If you have read my previous posts, you will know that I am a proponent of passive investing (AKA buy and hold ETFs). In this article I will be sharing the ETFs I personally dollar cost average into, which are known as Irish Domiciled ETFs. Without further ado, let us jump right in.

What are Irish Domiciled ETFs?

The common S&P500 ETFs such as SPY and VOO are domiciled in the United States. Which means they are registered and regulated in the US. These Irish domiciled ETFs are thus registered and regulated in Ireland. This is not to be confused with their place of listing as Irish domiciled ETFs are typically listed on the London Stock Exchange. Meaning that an ETF can be domiciled in one country and listed in another.

Why does the country that an ETF is domiciled in matter?

  1. Withholding Tax

The short answer is that it matters for tax efficiency. As a non US resident, we are subjected to a withholding tax of 30% when dividends are paid from a stock or ETF domiciled in the US to us. However, due to a tax treaty that exists between the US and Ireland, the withholding tax can be reduced to 15%. Here is how it works.

When dividends are paid from the S&P500 companies to a US domiciled ETF such as SPY or VOO, there will be no taxes. However, when the dividends from the ETF is paid out to us, there will be a tax of 30%. As for Irish Domiciled ETFs, the US-Ireland tax treaty will reduce the withholding tax to 15% when the S&P500 companies pay the dividends to the Irish Domiciled ETFs. As Ireland does not have a withholding tax for foreigners, we will not be taxed when we receive the dividends from these ETFs. This means our effective tax rate will be reduced from 30% to 15% simply by purchasing Irish Domiciled ETFs instead.

  1. Estate Tax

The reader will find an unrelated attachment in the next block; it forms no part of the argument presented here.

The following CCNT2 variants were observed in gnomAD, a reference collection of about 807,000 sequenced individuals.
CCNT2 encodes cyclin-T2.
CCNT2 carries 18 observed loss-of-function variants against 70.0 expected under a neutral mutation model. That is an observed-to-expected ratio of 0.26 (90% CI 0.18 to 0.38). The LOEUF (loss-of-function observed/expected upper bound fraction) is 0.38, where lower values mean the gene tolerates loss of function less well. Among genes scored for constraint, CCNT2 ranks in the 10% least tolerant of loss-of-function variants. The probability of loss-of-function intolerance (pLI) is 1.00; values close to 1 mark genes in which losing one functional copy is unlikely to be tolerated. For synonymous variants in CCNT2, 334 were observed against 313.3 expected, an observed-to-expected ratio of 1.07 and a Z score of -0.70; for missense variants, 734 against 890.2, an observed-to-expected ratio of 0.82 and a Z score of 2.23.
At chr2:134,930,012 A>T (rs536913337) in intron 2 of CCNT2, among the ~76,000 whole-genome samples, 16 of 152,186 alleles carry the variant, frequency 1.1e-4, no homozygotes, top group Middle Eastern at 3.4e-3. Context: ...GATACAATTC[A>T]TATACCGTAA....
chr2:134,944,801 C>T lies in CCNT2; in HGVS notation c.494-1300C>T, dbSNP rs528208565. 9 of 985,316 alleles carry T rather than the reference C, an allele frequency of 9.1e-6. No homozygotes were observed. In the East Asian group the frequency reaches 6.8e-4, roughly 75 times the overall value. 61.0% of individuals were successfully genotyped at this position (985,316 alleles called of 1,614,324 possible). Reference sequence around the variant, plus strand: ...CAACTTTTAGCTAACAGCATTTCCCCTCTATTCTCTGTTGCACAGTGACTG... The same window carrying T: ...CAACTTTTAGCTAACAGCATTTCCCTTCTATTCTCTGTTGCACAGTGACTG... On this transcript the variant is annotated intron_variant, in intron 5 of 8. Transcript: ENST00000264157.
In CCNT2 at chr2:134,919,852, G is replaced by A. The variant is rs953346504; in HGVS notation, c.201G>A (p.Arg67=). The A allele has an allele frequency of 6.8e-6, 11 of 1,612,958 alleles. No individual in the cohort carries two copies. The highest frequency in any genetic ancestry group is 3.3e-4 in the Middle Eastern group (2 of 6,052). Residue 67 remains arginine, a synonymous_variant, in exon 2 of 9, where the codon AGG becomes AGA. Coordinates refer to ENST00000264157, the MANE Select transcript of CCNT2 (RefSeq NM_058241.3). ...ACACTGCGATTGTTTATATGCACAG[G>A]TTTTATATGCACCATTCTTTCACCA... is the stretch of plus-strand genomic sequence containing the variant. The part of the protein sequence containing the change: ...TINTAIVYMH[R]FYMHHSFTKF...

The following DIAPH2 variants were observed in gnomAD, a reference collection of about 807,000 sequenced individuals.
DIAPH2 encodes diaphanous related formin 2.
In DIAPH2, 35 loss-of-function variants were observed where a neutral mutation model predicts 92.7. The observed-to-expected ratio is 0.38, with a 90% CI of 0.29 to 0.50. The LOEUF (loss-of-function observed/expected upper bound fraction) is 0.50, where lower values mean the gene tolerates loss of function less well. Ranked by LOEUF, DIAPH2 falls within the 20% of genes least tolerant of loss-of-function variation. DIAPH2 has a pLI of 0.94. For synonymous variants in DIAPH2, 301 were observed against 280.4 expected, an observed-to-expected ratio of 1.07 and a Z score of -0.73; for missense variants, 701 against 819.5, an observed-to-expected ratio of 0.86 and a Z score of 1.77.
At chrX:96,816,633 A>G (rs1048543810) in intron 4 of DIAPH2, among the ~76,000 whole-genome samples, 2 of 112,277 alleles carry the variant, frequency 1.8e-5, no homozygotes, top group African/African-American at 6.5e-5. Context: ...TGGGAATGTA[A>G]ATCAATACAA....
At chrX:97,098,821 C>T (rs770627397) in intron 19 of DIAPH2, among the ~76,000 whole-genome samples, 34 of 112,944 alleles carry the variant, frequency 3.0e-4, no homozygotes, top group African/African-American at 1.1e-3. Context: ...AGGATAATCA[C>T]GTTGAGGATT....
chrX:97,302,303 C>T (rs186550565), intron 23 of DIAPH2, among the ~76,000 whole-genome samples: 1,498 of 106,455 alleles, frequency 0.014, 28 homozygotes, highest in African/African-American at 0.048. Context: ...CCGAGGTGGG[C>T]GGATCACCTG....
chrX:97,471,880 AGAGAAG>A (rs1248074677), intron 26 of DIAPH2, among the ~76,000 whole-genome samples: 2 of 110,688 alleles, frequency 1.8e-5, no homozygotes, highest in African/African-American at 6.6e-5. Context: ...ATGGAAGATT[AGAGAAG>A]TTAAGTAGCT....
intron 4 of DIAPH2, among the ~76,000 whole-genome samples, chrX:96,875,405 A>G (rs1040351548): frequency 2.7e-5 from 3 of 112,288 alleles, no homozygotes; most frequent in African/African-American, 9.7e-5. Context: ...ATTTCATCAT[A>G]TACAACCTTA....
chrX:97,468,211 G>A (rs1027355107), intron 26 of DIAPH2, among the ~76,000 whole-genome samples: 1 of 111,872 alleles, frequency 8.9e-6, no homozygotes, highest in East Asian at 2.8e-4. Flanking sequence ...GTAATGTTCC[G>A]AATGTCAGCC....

While we are on the topic of taxes, another tax that the US levies is the estate tax, which is basically a tax on all of your assets located in the US when you pass on. This includes property, shares of US companies and cash (even cash in US brokers such as IBKR!). As you might have guessed, because Irish domiciled ETFs are not regulated in the US, they are exempted from the US estate taxes. For a rough idea of how much estate taxes can add up to, here are the estate tax rates from the IRS.

From the table above, if you have 1 million worth of assets domiciled in the US, the estate tax will amount to a WHOPPING $345,800! Thus, Irish domiciled ETFs is one way to minimise the impact of the US estate taxes.

Now, you may be wondering why I am taking this into consideration at such a young age. This is because I intend to continue dollar cost averaging into ETFs tracking the S&P500 and hold for a long long time (basically my whole life). This means if anything were to happen to me (touch wood), I may not have time to make arrangements. The last thing I would want is my dependents having the shock of their lives when the IRS sends them a bill for hundreds of thousands of dollars. Life always seems to throw a curve ball when we least expect it, so it is good to plan for the unexpected.

  1. Accumulating ETFs

Accumulating ETFs are ETFs that automatically reinvest the dividends. The typical US listed ETFs are distributing, meaning they pay the dividends out to shareholders and it seems like there are no accumulating ETFs in the US. I am guessing this is due to withholding taxes and perhaps other reasons. On the other hand, there are many accumulating Irish domiciled ETF options.

As someone who wants to maximise the compounding of my investments, accumulating ETFs are a fuss-free and cost effective solution. Instead of having dividends paid out to me and having to reinvest manually through a broker which will incur additional commission fees, accumulating ETFs will help me do this automatically and save on fees as well. Furthermore, as the dividends I receive are not much, I may not be able to buy complete shares of ETFs. With accumulating ETFs, I do not have to worry about buying complete shares as the dividends are all reinvested, no matter how little.

The two screenshots above compare an accumulating ETF (CSPX) with a distributing one (VUSD). Both track the same index (S&P500) and have the same expense ratio (0.07%). As you can see, the dividends that are automatically reinvested show up in higher capital gains (about 17% in the last 5 years).